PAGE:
TAINTEDSCRIBE and PEBBLEDASH malware are able to download its command execution module from a command and control (C2) server and then has the capability to download, upload, delete, and execute files; enable Windows CLI access; create and terminate processes; and perform target system enumeration.
CISA has provides mitigation measures in the form of Snort Rules, as well as recommendations for system owners and administrators to help protect against these types of attacks.
These recommendations can be found at:
COPPERHEDGE - https://www.us-cert.gov/ncas/analysis-reports/ar20-133a
TAINTEDSCRIBE – https://www.us-cert.gov/ncas/analysis-reports/ar20-133b
Adobe has discovered and patched vulnerabilities for several of its products including, Adobe DNG Software Development Kit, Acrobat, and Reader.
Adobe has identified vulnerabilities where an attacker can exploit the vulnerability and take control of an affected system.
Failure to patch systems could result in loss of control of affected systems. Possible compromise of systems and network integrity.
Adobe advises patching to the latest version of Adobe DNG Software Development Kit, Acrobat, and Reader as soon as possible.
For a brief overview:
For additional information:
VMWare has announced two vulnerabilities (CVE-2020-11651 and CVE-2020-11652) in their vRealize product related to their integration of the popular open source server management software SaltStack. These vulnerabilities affect VMware vRealize Operations Manager (vROps) versions 7.5, 8.0.x, and 8.1.
The Application Remote Collector (ARC) introduced with vRealize Operations Manager 7.5 utilizes SaltStack which is affected by CVE-2020-11651 and CVE-2020-11652. The vulnerability CVE-2020-11651 can allow for authentication bypass where functionality is unintentionally exposed to unauthenticated network clients. Vulnerability CVE-2020-11652 can allow for directory traversal where untrusted input (i.e. parameters in network requests) was not sanitized correctly allowing unconstrained access to the entire filesystem of the master server. Both of these vulnerabilities are exploitable by a remote unauthenticated attacker. Combining these two vulnerabilities could result in full remote command execution as root on both the master and all minions that connect to it and could be used to configure new resources on cloud instances. These vulnerabilities have been seen being exploited in the wild.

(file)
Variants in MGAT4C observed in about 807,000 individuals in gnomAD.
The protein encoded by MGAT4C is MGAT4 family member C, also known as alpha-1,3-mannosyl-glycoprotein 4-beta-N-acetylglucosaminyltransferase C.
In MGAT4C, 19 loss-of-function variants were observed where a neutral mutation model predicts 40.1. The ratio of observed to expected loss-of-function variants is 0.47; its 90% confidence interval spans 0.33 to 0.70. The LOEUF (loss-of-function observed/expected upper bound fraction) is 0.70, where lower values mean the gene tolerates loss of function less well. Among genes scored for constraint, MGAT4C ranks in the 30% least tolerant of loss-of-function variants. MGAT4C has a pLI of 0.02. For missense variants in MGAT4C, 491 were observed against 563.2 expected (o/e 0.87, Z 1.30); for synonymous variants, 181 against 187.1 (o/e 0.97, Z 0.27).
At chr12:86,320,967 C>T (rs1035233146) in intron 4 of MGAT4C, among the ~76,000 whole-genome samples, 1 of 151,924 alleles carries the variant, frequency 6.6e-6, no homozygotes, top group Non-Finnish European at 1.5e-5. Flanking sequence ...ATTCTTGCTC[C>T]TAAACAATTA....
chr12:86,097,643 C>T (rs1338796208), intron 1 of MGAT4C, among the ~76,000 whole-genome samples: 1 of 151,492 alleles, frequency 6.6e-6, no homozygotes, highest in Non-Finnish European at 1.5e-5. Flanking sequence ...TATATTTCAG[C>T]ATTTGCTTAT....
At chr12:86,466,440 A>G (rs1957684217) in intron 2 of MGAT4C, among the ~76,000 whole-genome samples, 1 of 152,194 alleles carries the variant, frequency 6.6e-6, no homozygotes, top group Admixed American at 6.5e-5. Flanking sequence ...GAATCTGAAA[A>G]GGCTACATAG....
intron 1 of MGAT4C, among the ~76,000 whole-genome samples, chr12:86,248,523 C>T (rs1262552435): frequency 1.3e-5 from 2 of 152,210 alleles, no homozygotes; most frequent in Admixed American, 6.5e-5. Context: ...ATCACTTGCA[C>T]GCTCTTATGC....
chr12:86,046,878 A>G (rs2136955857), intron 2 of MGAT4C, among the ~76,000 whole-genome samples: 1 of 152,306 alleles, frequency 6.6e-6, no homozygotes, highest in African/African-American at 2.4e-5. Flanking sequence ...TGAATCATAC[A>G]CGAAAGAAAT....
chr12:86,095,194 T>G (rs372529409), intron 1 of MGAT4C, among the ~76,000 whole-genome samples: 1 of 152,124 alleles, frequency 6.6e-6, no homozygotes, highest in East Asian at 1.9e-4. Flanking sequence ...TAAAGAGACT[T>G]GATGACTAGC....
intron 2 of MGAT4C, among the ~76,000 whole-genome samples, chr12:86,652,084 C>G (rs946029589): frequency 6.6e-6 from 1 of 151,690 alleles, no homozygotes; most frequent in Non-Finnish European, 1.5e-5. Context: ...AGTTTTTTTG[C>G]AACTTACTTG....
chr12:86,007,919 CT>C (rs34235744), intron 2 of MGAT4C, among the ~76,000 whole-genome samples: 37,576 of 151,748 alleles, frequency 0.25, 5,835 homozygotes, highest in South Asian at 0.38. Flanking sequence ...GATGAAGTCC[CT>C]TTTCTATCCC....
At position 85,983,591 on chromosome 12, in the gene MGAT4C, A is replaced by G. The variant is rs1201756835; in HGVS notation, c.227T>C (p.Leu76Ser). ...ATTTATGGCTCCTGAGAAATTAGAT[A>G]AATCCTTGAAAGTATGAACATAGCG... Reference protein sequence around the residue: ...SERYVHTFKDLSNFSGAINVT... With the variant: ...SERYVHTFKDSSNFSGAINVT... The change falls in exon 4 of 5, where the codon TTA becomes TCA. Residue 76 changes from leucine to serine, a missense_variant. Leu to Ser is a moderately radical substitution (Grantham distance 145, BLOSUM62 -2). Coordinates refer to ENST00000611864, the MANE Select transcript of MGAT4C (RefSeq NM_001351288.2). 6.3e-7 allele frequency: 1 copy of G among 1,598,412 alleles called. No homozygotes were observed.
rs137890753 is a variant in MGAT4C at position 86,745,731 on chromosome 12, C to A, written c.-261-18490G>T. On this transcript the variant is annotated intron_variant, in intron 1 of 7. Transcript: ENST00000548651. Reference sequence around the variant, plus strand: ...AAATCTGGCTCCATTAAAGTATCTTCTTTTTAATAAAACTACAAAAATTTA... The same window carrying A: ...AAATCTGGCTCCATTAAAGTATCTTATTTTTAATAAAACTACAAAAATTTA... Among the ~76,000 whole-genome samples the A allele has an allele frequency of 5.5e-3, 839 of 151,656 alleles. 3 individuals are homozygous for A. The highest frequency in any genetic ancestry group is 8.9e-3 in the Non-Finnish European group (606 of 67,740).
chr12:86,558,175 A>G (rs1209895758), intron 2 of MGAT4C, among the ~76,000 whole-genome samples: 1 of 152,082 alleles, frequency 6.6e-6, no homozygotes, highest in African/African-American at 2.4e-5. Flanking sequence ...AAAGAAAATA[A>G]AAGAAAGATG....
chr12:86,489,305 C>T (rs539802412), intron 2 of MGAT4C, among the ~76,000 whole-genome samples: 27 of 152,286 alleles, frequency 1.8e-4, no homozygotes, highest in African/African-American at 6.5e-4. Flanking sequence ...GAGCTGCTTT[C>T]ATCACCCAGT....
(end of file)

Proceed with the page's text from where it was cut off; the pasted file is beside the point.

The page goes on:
The vulnerability CVE-2020-11651 (Authentication Bypass) may allow a malicious actor with network access to port 4505 or 4506 on the ARC to take control of the ARC and any Virtual Machines the ARC may have deployed a Telegraf agent. Vulnerability CVE-2020-11652 (Directory Traversal) may allow a malicious actor with network access to port 4505 or 4506 on the ARC to access the entirety of the ARC filesystem.
VMware has updates pending for each of the affected versions of vROps.
In the meantime, VMware has issued some workarounds to help mitigate these vulnerabilities, these workarounds can be found at:
It is strongly recommended to apply these workarounds, and the patch, when available. These vulnerabilities are currently seen being exploited in the wild.